Relative Strength Index (RSI) is an oscillator that measures price momentum. It can be used for multiple purposes in Forex, including to identify overbought or oversold conditions, find impending trend reversals, and measure the strength of a trend.
Relative Strength Index explained
There are three components that are used to calculate RSI: Average Gain, Average Loss, and Relative Strength (RS). The first point of Average Gain is calculated by adding together the last 14 periods of gains and dividing them by 14. For each subsequent period, the Average Gain is calculated by taking the previous period’s average gain and multiplying it by 13, then adding the current gain and dividing the total by 14.
Average Loss is calculated the same way. The first point is simply the average of all losses over the past 14 periods. Each subsequent point adds this period’s loss to the previous one and then divides the total by 14.
Relative Strength (RS) is calculated by taking the Average Gain and dividing it by the Average Loss. When this number is put through a smoothing function, it results in a percentage value between 0 and 100. This percentage is called RSI.
RSI is a measurement of how quickly price is moving. If RSI is above 70, price is moving upward at a rapid rate. If RSI is below 30, price is falling quickly. If RSI is 50, price is either range bound or trending slowly.
In this hourly chart of EUR/USD, the price rose rapidly between 3 p.m. Nov. 28 and 7 a.m. Nov. 29. At the same time, RSI rose from 40 to above 70. The price then began to consolidate. As a result, RSI moved below 70. On the morning of November 30, the price then began to fall, and it fell faster as the day continued. As a result, RSI moved below 30.
How to trade using RSI
There are multiple ways that traders can use RSI, including to identify overbought/oversold conditions, confirm a strong trend, find divergences, and find failure swings.
Using RSI to identify overbought and oversold conditions
If RSI is above 70, the currency pair is considered “overbought.” This means the price is moving up too rapidly and the rally is likely to consolidate soon. A trader can use this signal to exit a long trade or to start looking for opportunities to short.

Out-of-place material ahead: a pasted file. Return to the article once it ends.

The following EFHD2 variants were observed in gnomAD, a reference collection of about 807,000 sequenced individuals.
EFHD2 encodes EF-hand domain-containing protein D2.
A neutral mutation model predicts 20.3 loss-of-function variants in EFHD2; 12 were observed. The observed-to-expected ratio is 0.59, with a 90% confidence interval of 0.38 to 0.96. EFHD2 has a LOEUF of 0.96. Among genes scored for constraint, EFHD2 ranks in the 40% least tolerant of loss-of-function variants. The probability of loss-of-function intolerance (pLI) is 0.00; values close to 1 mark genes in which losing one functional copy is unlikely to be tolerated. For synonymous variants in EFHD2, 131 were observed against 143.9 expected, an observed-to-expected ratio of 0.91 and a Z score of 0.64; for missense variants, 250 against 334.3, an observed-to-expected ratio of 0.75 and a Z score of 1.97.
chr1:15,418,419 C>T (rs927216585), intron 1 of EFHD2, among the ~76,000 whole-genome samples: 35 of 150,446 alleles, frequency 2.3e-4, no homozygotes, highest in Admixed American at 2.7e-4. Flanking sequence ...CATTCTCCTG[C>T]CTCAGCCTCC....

If RSI is below 30, it is considered “oversold.” In this case, traders may want to consider exiting short trades and getting ready for opportunities to go long.
Using RSI to confirm a trend
If another indicator suggests that a breakout is occurring, RSI can be used to confirm that the trend is strong enough be useful. In this case, RSI should be above 50% in an uptrend or below 50% in a downtrend. If the price is rising but RSI is not above 50% or if the price is falling but RSI is not below 50%, there is a greater chance that the rally or retreat will be short-lived.
Using RSI to find divergences
If RSI is moving up while price is moving down, this is a bullish divergence and indicates a possible reversal upward. If the RSI is moving down while price is moving up, this is a bearish divergence and indicates a possible reversal downward.
Using RSI to find failure swings
If RSI moves below 30, rises above 30, then pulls back and holds without going below 30 again, a subsequent move above its previous high is a “bullish failure swing.” That is a signal to buy.
Likewise if RSI moves above 70, falls below 70, then pulls up again without moving above 70, a subsequent break below its previous low is a “bearish failure swing.” That is a signal to sell.
RSI measures a ratio of the average gain and average loss over a period of time. It can be used to find entry and exit points and recognize impending reversals. That is how relative Strength Index works.